“Spotlight” –Illuminating Corruption and Cover-up
In this Academy Award-nominated film, Spotlight (on my Top Ten Films for 2015) reveals the 2002 exposé into the Catholic Church’s cover-up of child molestation and rape by priests taking place over two decades.
Unflinching in its focus, “Spotlight” underscores a subtle outrage and sense of resignation about the power of institutions. We watch as the “Spotlight “ team—named for undercover exposés of difficult-to-prove cases– chases down leads; goes through archives with missing documents; and interviews priests, judges, and victims. The investigative Spotlight team at the Boston Globe is defined by their tenacity as they overcome powerful political interests committed to crushing their investigation.
Investigative journalism seems so “old-school” in our sound-bite, entertainment culture, but Spotlight deftly recognizes the heroism of the Boston Globe’s team, in a similar fashion to “All The President’s Men”. Igniting an almost unbelievable, worldwide scandal, the Boston Globe clearly demonstrates a conspiracy on the part of the Catholic hierarchy to protect priests while silencing the victims and their families. The impact on a predominantly Catholic city, the guilt of those who chose to ignore its victims and the adversarial response of the Catholic Church are not the major themes of “Spotlight”.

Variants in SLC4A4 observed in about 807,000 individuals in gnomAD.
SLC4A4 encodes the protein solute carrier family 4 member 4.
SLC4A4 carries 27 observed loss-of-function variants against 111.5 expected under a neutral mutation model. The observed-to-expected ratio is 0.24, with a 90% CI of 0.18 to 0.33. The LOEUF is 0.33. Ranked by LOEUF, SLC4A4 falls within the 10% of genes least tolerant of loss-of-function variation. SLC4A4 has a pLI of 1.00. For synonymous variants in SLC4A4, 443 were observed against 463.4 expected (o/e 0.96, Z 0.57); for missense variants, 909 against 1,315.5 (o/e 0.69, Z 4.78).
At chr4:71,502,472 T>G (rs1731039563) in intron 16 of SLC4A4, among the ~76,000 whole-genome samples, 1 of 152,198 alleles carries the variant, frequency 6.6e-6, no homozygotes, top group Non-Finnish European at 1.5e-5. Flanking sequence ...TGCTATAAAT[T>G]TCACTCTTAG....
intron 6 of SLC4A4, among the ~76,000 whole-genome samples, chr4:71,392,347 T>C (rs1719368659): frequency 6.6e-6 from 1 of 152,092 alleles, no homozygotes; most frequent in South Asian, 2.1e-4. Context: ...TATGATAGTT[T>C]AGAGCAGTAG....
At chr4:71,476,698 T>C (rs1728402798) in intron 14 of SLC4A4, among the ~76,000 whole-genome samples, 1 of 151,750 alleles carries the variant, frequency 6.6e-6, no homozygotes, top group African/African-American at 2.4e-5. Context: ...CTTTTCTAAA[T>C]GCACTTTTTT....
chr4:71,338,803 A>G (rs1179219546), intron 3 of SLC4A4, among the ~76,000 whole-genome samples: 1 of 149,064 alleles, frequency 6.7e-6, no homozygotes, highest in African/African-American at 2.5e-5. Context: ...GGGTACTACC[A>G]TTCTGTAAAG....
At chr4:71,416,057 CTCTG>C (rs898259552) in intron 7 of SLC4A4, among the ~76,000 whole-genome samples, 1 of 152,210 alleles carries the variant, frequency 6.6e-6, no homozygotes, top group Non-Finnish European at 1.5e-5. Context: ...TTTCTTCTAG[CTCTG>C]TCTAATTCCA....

“Spotlight” excels at building up the sense of injustice and outrage over the young victims who have no voice. Only the Catholic archdiocese and the legal system that is entwined with it have the powerful voice of defense and obfuscation. Despite the fact that we all know the repercussions of this narrative, seeing it through the eyes of these reporters has its own power.
The ensemble cast–John Slattery, Rachel McAdams, Brian d’Arcy James, and Mark Ruffalo as the main reporters, and Liev Schreiber and Michael Keaton as their editors—keeps the focus on the true story of institutional corruption and cowardice that fails the young victims of sexual abuse. Perhaps one of the most unforgettable and stunning scenes is between Rachel McAdams (playing a reporter) and a priest who tries to explain his motivation for child rape. McAdams’s quiet, perfectly calibrated and understated response is truly an award-worthy performance in and of itself.
Like its predecessor “All The President’s Men”, “Spotlight” is a paen to the courage of journalists who feel compelled to tell a story full of ugliness that few want to see.
[As a postscript I would have also liked to see the voice of a young victim in flashback, and the toll incurred on him as a young adult when he finally comes forth to tell his story. The victims all had unhealed wounds, based on secrets and lies they had to endure for decades.]